The Federal Reserve this afternoon released the minutes from its June meeting, and while this may be dry data to the average consumer the minutes are watched closely by investors. According to the release, the Fed expects to end its bond-buying program in October with final $15 billion cut. That's larger than the $10 billion monthly reduction seen throughout the tapering process, but it prevents a last-gasp $5 billion purchase.
Rates are also expected to stay low well into next year, which isn't surprising given the Fed's previous comments. The Dow Jones Industrial Average (DJINDICES:^DJI) has responded positively to the news, climbing 0.4% after yesterday's triple-digit drop. Earnings season began in earnest last night with Alcoa's quarterly report, so the key for the next few weeks will be financial results that will pour from many of the Dow's components.
Cisco and Intel (and their friends) on a collision path
One of the biggest news items this week was that Dow component Intel (NASDAQ:INTC) is teaming up with Samsung, Dell, and Broadcom to form the Open Interconnect Consortium to create standards for how devices will work together in the Internet of Things. This will rival a group called the AllSeen Alliance that includes Qualcomm, Microsoft, and Cisco Systems (NASDAQ:CSCO), which has been most vocal about its vision for this connected world.
Reuters quoted Intel Vice President Doug Fisher as saying the group would focus on security and other matters that AllSeen is failing to address. The risk here is that Intel or Cisco are on the wrong side of a standards war. We've seen these before with VCR versus Betamax or HD-DVD versus Blu-ray, and standard wars can delay adoption by consumers, which would be bad for everyone.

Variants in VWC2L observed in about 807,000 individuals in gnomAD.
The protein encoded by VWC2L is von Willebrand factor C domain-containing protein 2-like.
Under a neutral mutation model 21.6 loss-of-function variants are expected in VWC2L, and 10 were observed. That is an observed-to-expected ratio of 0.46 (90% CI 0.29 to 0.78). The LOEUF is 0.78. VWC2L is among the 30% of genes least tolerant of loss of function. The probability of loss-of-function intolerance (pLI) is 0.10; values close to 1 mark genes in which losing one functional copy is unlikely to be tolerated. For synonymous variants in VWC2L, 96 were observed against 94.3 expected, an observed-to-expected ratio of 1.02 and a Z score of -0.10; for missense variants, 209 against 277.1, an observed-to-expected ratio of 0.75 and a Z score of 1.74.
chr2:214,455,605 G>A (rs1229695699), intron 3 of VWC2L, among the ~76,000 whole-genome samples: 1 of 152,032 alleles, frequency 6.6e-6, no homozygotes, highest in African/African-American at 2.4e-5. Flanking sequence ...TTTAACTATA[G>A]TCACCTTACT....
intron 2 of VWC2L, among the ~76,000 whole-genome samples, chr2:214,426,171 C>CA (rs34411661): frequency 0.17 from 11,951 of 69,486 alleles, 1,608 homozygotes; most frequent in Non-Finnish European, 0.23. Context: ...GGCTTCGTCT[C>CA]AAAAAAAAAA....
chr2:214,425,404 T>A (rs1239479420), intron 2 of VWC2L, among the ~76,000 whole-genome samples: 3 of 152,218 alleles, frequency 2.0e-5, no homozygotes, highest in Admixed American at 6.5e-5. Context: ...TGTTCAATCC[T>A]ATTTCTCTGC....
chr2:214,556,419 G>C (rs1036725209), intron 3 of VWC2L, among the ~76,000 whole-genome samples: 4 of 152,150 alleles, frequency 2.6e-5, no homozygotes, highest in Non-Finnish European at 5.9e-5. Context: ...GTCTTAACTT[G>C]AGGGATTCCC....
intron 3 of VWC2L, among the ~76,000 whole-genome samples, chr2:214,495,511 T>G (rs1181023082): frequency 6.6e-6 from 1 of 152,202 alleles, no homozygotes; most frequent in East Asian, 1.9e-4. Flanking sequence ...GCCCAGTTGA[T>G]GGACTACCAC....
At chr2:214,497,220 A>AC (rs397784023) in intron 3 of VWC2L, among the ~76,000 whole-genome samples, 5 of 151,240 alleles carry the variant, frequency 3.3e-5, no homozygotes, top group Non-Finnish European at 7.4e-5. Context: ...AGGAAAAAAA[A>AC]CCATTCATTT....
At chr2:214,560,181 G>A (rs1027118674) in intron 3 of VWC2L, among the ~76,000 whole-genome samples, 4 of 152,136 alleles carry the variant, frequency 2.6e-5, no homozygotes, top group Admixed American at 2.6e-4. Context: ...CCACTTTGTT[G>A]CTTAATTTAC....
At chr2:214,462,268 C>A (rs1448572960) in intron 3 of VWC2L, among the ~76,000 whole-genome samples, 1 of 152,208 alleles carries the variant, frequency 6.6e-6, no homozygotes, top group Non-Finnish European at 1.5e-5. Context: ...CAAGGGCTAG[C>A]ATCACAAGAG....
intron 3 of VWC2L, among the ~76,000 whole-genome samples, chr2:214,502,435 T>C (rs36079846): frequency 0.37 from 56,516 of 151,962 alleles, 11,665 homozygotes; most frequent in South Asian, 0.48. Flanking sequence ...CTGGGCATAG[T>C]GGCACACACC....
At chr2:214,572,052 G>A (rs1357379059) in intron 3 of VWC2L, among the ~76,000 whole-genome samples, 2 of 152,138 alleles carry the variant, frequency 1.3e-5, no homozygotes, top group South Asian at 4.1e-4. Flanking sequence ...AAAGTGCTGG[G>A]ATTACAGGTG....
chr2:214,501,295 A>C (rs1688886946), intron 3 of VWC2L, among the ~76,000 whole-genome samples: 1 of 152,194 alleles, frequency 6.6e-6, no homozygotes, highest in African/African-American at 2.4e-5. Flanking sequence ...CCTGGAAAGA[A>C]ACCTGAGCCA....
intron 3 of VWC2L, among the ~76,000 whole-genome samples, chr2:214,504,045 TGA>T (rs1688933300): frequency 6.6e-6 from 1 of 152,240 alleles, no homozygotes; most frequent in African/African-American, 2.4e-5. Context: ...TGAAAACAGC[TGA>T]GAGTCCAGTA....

It's interesting to look at the players here, because you could argue for both sides as being best positioned to set the standards for the Internet of Things . Qualcomm's chips are dominant in the smartphone business, but Samsung is the largest smartphone maker in the world. Intel's chips are in over 80% of PCs, but Microsoft sells the software those PCs run on. Then there's Cisco Systems, which builds the backbone of the Internet and could play a pivotal role in future network reliability.
Cisco likely has the most to lose here because it is reliant on other companies' devices to use its network, database, and cloud services. They could be left out of early adoption if the OIC becomes the standard.
Long term, I think it's likely the two groups eventually team up and create one standard for everyone to use. There's too much at stake, and consumers with devices that don't connect to each other could set off a backlash against connected systems. No one wants to see that happen, but there's some tension in Silicon Valley right now, so investors need to watch how this plays out.